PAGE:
Matthew Carter at Center Street Studio | Typography
The Center Street Studio has published a print portfolio by the type designer Matthew Carter. The portfolio contains the 26 letters of the alphabet, all lower case, etched in to copper plates with aquatint, printed by master printer James Stroud.
The 26 letters are Carter’s own favourites from typefaces designed by him in a wide variety of styles, both historically-derived and contemporary. Some are from existing types faces, some are from type design still in work.
A 2005 New Yorker profile described Carter as ‘the most widely read man in the world’ by considering the amount of text set in his commonly used fonts. Carter’s most used fonts are the classic web fonts Verdana and Georgia and the Windows interface font Tahoma, as well as other designs including Bell Centennial, Miller and Galliard.
A: From a British ‘Modern’ type. The change in fashion from the ‘Old Style’ types of the great English originators, Caslon and Baskerville, to ‘Modern’ types inspired by the Continental innovators, Didot and Bodoni, began in about 1800 and transformed British typefounding within twenty years. The best of the British Moderns were made at the foundry of Edmund Fry who, although he thought of himself as a fashion victim and deplored the new “rude, pernicious, and most unclassical” style, made excellent types with a certain jauntiness that relieves the austerity of the Didot model. I prefer this bold weight of Modern to the full-blown style known as ‘Fat Face,’ that is associated with William Thorowgood, successor to the Fry foundry.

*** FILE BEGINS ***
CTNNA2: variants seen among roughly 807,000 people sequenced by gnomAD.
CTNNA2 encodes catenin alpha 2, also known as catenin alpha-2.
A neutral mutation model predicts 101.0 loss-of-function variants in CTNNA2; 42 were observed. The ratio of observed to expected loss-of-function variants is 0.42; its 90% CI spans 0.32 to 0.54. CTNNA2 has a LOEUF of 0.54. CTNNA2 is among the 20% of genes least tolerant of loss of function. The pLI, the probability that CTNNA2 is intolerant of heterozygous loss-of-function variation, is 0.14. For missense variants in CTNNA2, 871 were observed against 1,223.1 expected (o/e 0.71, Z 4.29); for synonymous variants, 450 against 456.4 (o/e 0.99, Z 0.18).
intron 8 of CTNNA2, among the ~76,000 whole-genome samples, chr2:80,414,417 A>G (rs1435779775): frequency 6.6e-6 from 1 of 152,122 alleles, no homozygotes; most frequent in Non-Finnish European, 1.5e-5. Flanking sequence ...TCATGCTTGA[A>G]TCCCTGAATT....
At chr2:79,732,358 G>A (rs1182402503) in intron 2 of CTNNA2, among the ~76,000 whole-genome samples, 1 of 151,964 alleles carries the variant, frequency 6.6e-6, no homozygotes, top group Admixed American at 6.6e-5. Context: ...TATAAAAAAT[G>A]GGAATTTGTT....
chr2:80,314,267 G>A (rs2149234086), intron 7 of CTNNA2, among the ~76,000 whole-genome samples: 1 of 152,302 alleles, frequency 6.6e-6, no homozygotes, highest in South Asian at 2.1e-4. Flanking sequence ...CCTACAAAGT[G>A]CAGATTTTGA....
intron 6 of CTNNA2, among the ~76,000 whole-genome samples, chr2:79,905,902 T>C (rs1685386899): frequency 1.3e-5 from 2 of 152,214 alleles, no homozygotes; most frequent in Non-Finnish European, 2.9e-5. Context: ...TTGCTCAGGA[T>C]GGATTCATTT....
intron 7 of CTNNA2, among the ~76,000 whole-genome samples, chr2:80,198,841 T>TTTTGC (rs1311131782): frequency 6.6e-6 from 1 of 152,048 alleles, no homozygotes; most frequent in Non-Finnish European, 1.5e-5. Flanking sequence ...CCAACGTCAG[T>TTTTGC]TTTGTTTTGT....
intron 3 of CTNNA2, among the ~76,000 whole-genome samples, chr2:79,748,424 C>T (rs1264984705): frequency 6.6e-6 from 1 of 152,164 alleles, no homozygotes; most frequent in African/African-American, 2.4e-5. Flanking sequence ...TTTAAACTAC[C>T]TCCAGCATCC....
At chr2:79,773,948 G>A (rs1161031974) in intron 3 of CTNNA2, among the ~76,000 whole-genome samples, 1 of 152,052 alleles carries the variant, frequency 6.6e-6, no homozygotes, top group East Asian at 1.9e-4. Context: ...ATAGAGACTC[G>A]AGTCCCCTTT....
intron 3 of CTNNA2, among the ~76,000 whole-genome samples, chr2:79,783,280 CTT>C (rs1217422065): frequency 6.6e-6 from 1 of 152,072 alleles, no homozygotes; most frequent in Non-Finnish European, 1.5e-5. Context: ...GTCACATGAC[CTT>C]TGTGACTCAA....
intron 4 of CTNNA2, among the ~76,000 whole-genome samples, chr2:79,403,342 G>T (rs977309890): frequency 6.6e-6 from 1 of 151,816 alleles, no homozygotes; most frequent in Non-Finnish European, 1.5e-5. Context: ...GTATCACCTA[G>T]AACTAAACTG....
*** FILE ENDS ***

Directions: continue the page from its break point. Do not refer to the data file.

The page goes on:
B: From Buster, an ultra-heavy slabserif typeface in the style known as Egyptian. These massive types date from the 18-teens and were designed to be more eye-catching in big sizes for advertisements than legible in text. Buster was never released commercially but was used to set a poster in honor of Roger Black, an old friend and esteemed publication designer, an aﬁcionado of Egyptian types.
C: In the 1970s I designed a Greek typeface named Cadmus. This was a flop in Greece—it looked too archaic. Not to be discouraged I reused some of the letters in a Latin sanserif. Soon after Cherie Cone and I started our own company in 1991, Apple adopted the sanserif to demonstrate the ability of their new Quickdraw GX technology to store the extreme weights and widths of a type family and generate the intermediate styles on the ﬂy. David Berlow and I produced the poles of weight and width. In the end GX did not get off the ground. I was left with the Regular weight of the sanserif, named Skia by Apple with whom I share the rights. The ‘c’ is from a bolder weight, designed the hard way.